Even after a hot and stormy summer, in the last few days of October, people in villages across Liguria will be praying for the sunshine to last. For with the first frosts in the mountains and woodlands of the region comes the end of a period of gastronomic gold: the porcini season.
Years ago, in late September, I sat on the edge of the fountain in Piazza de Ferrari, in the centre of Genova. It was a humid day, with an overcast sky that let in the Mediterranean sun, but blocked out the blue. I was waiting to meet some friends. An old man in a tweed cap walked slowly and unsteadily across the square, then took a seat beside me, resting from the damp heat. “Perfect weather for the porcini,” he said, by way of a greeting. I laughed and asked if he liked mushrooms. “Who doesn’t?” he answered. And then, in the middle of the traffic and noisy bustle of the city, the old man began to tell me a story about a passion for food and nature, and about just what porcini can do to people.
No secret is better kept than where to find the best mushrooms.
“No secret is better kept than where to find the best mushrooms”, he started. “When I could walk better, my brother and I would spend every weekend in September and October in the woods. But never together. We had our own special places, which we kept for ourselves. One Sunday morning, we’d been to church and were walking home, talking about where each of us planned to hunt for funghi that day. I said I was going to look in the woods behind the church, and my brother said he was going to look in the woods by the river.
Two hours later, I was naturally in one of my secret spots in the next valley, when I heard steps in the fallen leaves. I stayed still and listened. Was it a boar? No, I could hear that it was a person. A hunter, maybe? I was deep in the woods, so I didn’t want any trouble, and didn’t want to startle anyone. I called out “Buongiorno!”. The reply came back: “Mario? Is that you?”. It was my brother…”.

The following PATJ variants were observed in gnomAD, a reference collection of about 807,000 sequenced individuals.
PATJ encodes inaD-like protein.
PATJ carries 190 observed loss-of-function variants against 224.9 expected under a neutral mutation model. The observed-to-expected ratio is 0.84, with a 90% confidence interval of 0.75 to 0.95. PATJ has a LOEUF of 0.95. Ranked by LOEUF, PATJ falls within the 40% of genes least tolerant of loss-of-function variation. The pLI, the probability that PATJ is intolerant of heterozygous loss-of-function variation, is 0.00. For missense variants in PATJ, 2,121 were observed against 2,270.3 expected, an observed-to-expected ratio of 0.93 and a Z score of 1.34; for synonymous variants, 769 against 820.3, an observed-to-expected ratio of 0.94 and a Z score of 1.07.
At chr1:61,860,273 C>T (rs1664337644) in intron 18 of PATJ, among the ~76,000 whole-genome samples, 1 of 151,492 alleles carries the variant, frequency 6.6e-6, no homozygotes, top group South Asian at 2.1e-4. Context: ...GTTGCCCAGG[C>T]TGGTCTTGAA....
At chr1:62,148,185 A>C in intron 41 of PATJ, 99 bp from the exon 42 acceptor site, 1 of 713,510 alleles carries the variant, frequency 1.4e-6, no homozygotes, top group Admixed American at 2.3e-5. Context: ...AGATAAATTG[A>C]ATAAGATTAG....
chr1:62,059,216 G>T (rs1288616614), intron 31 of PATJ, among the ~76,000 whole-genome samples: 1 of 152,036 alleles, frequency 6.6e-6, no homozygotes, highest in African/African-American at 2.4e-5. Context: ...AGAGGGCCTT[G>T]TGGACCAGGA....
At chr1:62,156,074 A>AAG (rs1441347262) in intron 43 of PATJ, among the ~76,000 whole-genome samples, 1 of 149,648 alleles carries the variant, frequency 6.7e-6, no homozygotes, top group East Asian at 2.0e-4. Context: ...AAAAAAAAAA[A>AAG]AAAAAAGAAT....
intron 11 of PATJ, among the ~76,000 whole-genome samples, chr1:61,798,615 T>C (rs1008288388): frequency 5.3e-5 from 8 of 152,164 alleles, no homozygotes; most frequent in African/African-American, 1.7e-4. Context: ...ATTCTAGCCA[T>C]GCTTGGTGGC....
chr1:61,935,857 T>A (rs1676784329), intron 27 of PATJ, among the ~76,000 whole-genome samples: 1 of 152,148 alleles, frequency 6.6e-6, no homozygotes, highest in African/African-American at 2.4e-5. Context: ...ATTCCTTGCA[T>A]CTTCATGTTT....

For a region so in love with good food as Liguria, it’s hardly surprising that the porcini drives even brothers to deceit. The hunt for these delicately perfumed mushrooms generates strong emotions, but the hunt itself is wonderfully gentle. Right now, Liguria’s hinterland forests are a blaze of burnished orange and rust, and the slow, steady search for the matt brown caps of the porcini is an almost meditative experience. All you hear is the rustle of the dry, fallen leaves and the breeze in the tops of the trees. Your senses become attuned to the earthy aromas and colours around you, and to the weakened warmth of the sun. It’s an utterly relaxing way to spend a few hours. And if you don’t find any mushrooms, there’s always chestnuts to gather.
Each area of Liguria has its own recipes to do justice to these delicious morsels: Picagge pasta with porcini sauce, zuppa di porcini, potatoes and porcini roasted together in the oven. And just as each village and family has its own recipe, guests and locals alike can also enjoy the many festivals which take place throughout autumn and early winter, celebrating the porcini and chestnut season. Alongside the mushrooms, there’ll be traditional chestnut flour pasta and the rich, dark “castagnaccio” cake to try.
I found my own personal “porcini paradise” in Castelbianco in the province of Savona. Not a place in the forest, but a restaurant. In “Da Gin”, I discovered autumn on a plate and a perfect example of Liguria’s famous “green” cuisine. Picture this: a perfect, aromatic porcini, gathered just that morning from the local woods, sliced in two, lovingly pan-fried with olive oil, garlic and parsley, then served on a fresh chestnut leaf. It tasted as simply perfect as it looked.